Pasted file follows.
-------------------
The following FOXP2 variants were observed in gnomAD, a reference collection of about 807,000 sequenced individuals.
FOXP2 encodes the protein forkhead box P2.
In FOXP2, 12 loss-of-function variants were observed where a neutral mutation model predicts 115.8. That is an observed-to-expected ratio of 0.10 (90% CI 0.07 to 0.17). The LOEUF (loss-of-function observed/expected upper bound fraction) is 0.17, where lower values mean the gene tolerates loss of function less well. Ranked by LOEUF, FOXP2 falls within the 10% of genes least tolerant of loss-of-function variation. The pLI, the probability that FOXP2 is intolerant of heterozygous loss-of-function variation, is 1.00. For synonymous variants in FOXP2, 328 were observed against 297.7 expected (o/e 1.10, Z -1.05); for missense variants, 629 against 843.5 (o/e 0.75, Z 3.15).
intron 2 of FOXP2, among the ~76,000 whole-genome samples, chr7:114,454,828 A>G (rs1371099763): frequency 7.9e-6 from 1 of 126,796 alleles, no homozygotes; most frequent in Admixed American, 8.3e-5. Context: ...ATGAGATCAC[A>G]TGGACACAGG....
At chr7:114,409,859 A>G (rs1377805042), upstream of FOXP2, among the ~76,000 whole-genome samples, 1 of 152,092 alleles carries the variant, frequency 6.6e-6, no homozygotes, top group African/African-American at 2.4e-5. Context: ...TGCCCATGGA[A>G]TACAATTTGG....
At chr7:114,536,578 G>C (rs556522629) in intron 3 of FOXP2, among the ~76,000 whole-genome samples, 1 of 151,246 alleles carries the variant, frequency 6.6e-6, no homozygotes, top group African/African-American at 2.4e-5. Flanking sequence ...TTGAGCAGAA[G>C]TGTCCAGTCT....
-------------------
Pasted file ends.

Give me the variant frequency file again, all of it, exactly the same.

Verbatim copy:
The following FOXP2 variants were observed in gnomAD, a reference collection of about 807,000 sequenced individuals.
FOXP2 encodes the protein forkhead box P2.
In FOXP2, 12 loss-of-function variants were observed where a neutral mutation model predicts 115.8. That is an observed-to-expected ratio of 0.10 (90% CI 0.07 to 0.17). The LOEUF (loss-of-function observed/expected upper bound fraction) is 0.17, where lower values mean the gene tolerates loss of function less well. Ranked by LOEUF, FOXP2 falls within the 10% of genes least tolerant of loss-of-function variation. The pLI, the probability that FOXP2 is intolerant of heterozygous loss-of-function variation, is 1.00. For synonymous variants in FOXP2, 328 were observed against 297.7 expected (o/e 1.10, Z -1.05); for missense variants, 629 against 843.5 (o/e 0.75, Z 3.15).
intron 2 of FOXP2, among the ~76,000 whole-genome samples, chr7:114,454,828 A>G (rs1371099763): frequency 7.9e-6 from 1 of 126,796 alleles, no homozygotes; most frequent in Admixed American, 8.3e-5. Context: ...ATGAGATCAC[A>G]TGGACACAGG....
At chr7:114,409,859 A>G (rs1377805042), upstream of FOXP2, among the ~76,000 whole-genome samples, 1 of 152,092 alleles carries the variant, frequency 6.6e-6, no homozygotes, top group African/African-American at 2.4e-5. Context: ...TGCCCATGGA[A>G]TACAATTTGG....
At chr7:114,536,578 G>C (rs556522629) in intron 3 of FOXP2, among the ~76,000 whole-genome samples, 1 of 151,246 alleles carries the variant, frequency 6.6e-6, no homozygotes, top group African/African-American at 2.4e-5. Flanking sequence ...TTGAGCAGAA[G>C]TGTCCAGTCT....